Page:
By Diane Rey
For Maryland Reporter
Doctors and other health care providers in Maryland will be required to report every flu shot and vaccine they administer to a common state database under a bill that passed a public health subcommittee Tuesday.
An amended version of HB316 passed the subcommittee 7-2 and will move on to the full House Health and Government Operations Committee.
The bill requires health care providers to report all vaccines given to children and adults to the Maryland immunization registry, ImmuNet, beginning Oct. 1. Exempted under the amendment are nursing facilities, assisted living programs, continuing care retirement communities, and medical day programs.
A similar bill received an unfavorable report in 2015 from the Senate Education, Health, and Environmental Affairs Committee. This year’s version is sponsored by Del. Ariana Kelly, D-Montgomery.
More information sharing
Those who spoke in support of the bill cited a need for more information sharing among health care providers, such as pharmacists, primary care doctors and emergency room staff.
“It helps close a lot of gaps in information,” said Maddy Voytek from the Maryland Retailers Association who spoke in support of the bill on behalf of the Maryland Association of Chain Drug Stores.
Currently, only pharmacists are required to report the vaccinations they administer. With other providers not reporting in, “They’re not seeing the full record,” she said.
The result is that people can miss vaccinations or receive a repeat dose, both of which have public health consequences, witnesses said.
“The more information the department and all health care providers in Maryland have, the better treatment is,” said Webster Ye, deputy chief of staff for Maryland Department of Health Secretary Robert Neall, who submitted a letter of support for the bill.
Opponents question need
Both delegates who voted against the measure, Del. Terri Hill, D-Baltimore and Howard counties, and Del. Kathy Szeliga, R-Baltimore and Harford counties, questioned whether a change in law was needed or whether more doctors could be encouraged to voluntarily report vaccinations.
“I agree with the goal, I just don’t agree with the tool,” said Hill, a physician.
According to Neall’s letter, at least half of doctor’s offices and all hospitals are now using electronic health records, something the department recommended in a 2014 report that should be in place before making vaccination reporting mandatory.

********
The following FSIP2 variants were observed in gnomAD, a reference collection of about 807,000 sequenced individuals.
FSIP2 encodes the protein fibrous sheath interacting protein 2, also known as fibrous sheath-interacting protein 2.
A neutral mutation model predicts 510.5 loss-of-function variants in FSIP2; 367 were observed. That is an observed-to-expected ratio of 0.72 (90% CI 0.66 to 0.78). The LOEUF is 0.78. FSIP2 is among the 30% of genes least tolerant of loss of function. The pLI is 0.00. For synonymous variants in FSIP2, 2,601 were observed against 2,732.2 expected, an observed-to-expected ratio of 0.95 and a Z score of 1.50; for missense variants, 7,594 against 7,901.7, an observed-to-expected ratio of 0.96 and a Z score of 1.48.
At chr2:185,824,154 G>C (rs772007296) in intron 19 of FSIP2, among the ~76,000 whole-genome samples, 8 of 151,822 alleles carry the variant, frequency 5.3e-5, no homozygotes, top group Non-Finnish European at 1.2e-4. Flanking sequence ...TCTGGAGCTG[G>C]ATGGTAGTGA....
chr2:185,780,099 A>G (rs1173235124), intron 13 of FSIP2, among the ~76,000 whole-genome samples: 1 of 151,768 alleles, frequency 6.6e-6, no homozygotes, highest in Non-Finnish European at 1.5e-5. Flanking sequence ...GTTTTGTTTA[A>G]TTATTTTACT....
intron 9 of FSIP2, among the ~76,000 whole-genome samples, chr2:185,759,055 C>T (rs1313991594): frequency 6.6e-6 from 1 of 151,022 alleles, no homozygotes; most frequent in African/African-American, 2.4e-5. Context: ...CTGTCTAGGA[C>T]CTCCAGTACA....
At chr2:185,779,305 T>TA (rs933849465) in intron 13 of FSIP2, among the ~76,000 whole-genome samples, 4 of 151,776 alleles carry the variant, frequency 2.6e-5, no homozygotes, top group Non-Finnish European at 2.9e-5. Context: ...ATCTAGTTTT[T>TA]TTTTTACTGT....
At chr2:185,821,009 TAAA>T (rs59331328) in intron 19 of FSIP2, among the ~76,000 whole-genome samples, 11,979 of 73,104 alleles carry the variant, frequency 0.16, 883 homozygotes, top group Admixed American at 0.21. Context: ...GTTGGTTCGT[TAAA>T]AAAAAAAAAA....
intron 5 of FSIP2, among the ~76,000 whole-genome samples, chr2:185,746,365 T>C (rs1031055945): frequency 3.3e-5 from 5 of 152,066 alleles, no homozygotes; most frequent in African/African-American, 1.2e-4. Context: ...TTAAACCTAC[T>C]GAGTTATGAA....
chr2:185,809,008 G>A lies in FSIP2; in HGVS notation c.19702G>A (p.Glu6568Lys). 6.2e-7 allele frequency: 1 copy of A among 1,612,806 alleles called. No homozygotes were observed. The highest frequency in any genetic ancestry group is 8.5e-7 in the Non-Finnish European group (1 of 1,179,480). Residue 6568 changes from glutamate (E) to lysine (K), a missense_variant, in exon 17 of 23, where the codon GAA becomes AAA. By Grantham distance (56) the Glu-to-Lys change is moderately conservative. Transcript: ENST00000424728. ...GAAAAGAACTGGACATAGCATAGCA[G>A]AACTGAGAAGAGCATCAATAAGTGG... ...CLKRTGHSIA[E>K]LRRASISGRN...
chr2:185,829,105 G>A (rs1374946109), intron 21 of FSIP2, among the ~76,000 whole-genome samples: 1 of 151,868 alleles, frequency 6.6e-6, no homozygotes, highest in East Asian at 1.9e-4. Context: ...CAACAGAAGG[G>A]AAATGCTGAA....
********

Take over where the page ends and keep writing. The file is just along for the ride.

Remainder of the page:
Szeliga said she plans to reverse her vote and support the bill when it returns to the full committee, after discussing the growth of electronic recordkeeping with other committee members.
“I do think it’s important that we aren’t over-vaccinating people,” she said. “If most of them are (already) reporting, it’s not going to create an onerous situation.”
ImmuNet, implemented in 2004, is free to all Maryland vaccination providers. It was upgraded in 2011 to incorporate vaccination records directly from a healthcare provider’s existing electronic health record system. It also provides reminders to parents when their child’s vaccinations are due.
According to the Health Department’s Prevention and Health Promotion Administration, there are 4,284 health provider practices reporting into ImmuNet and 14,013 active users, including providers, pharmacies, health plans, and schools. To date, 5.8 million patients and 50.2 million immunizations have been reported to ImmuNet, with 3.7 million immunizations administered in 2018, according to the bill analysis.
Robyn Elliott, a lobbyist for the Maryland Nurses Association and the American College of Nurse Midwives, which support the bill, said the system saves time in managing children’s health records.
“It is very administratively burdensome to them to call around to the different providers” to determine if children have been vaccinated, Elliott said.
The bill would not require people to get vaccinated and would allow patients to opt out of having their vaccinations reported. The bill also doesn’t set a penalty for providers who do not comply with the reporting requirement.
The Health Department estimates that the number of provider practices reporting to ImmuNet will likely double under the bill, requiring more staff. Currently, five full-time equivalent staff support ImmuNet.
The bill’s fiscal note shows a cost increase of $144,500 in fiscal year 2020 to cover the cost of one fulltime and two part-time staff. That cost is expected to increase to $180,100 in FY 2024.
Subcommittee Chair Joseline Pena-Melnyk, D-Prince George’s and Anne Arundel, who voted for the bill, said having a clear record of her own tetanus shot history would be helpful.
“Whenever they ask, I don’t remember. I think I’ve gotten it more times than I should,” Pena-Melnyk said.